by Jonah Shepp
Mike Konczal tears down the right-wing trope that private charity can be an adequate substitute for government social insurance, looking at the historical role of the state in building and maintaining America’s safety net:
One problem with the conservative vision of charity is that it assumes the government hasn’t been playing a role in the management of risk and social insurance from the beginning. It imagines that there is some golden period to return to, free from any and all government interference. As Senator Lee has said, “From our very Founding, we not only fought a war on poverty—we were winning.” How did we do it? According to Lee, it was with our “voluntary civil society.” We started losing only when the government got involved.
This was never the case, and a significant amount of research has been done over the past several decades to overturn the myth of a stateless nineteenth century and to rediscover the lost role of the state in the pre-New Deal world.
The government’s footprint has always grown alongside the rest of society. The public post office helped unite the national civil society Alexis de Tocqueville found and celebrated in his travels throughout the United States. From tariff walls to the continental railroad system to the educated workforce coming out of land-grant schools, the budding industrial power of the United States was always joined with the growth of the government. The government played a major role throughout the nineteenth century in providing disaster relief in the aftermath of fires, floods, storms, droughts, famine, and more.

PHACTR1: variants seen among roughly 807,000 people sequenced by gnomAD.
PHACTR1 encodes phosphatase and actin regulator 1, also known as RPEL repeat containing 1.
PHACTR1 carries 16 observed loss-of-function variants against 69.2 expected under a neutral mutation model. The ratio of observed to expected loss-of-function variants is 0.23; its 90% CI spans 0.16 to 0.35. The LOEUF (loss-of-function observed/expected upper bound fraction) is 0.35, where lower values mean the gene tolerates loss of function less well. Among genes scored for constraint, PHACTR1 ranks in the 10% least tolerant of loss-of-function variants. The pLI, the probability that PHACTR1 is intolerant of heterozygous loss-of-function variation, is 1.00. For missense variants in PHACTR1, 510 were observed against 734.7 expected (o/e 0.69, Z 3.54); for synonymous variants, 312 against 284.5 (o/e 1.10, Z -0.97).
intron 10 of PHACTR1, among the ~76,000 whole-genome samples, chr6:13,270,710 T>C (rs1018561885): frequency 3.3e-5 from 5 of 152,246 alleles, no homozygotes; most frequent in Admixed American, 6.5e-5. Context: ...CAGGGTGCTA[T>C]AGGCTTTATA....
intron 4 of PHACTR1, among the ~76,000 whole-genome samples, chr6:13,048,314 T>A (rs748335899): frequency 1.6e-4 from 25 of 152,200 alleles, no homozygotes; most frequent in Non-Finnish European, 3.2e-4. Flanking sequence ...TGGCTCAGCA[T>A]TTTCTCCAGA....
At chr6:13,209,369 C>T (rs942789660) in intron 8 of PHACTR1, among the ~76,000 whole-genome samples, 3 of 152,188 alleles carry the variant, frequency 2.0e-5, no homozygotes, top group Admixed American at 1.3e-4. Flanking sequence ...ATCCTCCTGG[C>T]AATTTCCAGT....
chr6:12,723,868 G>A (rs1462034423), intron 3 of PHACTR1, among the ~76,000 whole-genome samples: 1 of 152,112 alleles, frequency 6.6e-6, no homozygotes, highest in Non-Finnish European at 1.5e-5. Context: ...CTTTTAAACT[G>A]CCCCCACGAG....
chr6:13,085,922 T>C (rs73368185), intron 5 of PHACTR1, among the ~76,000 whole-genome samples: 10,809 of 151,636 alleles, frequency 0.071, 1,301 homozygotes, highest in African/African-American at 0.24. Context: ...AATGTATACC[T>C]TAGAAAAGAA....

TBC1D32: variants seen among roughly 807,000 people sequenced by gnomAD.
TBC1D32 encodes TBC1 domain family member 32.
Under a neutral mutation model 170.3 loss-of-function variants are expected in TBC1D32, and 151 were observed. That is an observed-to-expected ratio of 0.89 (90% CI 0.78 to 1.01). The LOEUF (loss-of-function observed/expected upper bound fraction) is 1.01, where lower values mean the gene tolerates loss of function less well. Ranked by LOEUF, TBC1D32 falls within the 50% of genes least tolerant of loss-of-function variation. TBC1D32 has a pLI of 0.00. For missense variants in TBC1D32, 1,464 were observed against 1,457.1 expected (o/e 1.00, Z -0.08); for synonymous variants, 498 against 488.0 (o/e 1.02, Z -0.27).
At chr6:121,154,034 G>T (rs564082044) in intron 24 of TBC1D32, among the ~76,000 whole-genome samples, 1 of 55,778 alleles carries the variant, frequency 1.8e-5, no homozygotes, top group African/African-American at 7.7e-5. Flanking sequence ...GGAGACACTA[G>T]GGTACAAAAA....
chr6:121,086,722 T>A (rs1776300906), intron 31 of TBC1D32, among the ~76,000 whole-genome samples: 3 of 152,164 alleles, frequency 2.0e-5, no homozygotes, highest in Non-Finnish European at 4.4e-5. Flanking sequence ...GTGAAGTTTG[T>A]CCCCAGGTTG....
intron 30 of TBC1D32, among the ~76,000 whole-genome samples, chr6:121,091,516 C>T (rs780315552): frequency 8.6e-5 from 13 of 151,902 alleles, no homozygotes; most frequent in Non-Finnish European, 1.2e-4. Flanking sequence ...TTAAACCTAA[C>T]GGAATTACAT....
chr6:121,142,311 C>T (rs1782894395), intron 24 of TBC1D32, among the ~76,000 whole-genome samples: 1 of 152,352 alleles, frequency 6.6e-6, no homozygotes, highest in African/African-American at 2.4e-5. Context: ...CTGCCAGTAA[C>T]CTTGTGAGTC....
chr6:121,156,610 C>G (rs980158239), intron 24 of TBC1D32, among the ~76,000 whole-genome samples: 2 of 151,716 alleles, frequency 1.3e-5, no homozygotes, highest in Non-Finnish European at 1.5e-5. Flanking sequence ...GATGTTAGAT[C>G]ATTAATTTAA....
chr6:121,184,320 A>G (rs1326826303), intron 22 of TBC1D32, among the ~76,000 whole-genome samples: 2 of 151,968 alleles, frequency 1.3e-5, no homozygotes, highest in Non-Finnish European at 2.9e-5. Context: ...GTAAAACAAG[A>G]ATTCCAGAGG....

James Kwak backs him up:
This shouldn’t come as a surprise. There are basic economic reasons why public social insurance is superior to voluntary charity. The goal here is to protect people against risk: of unemployment, of health emergency, of outliving one’s savings, and so on. For a risk-mitigation scheme to work, there are a few things that are necessary. One is that people actually be covered. This is something you can never have with a private system (unless it’s regulated to the point of being essentially public), since charities get to pick and choose whom they want to help. …
Another thing you want is the assurance that the system has the financial capacity to actually protect you in the event of a crisis. That’s why you don’t depend on your neighbors to rebuild your house if it burns down. Besides the fact that they may not like you, they probably don’t have enough money—especially if you lose your house in a fire that burns down the entire neighborhood. As I’ve said many times before, there is no other entity in the country—and not really one in the world—with the financial capacity of the federal government. Even state governments scramble to cut benefits when push comes to shove, which is one reason why some states provide Medicaid coverage to almost no one.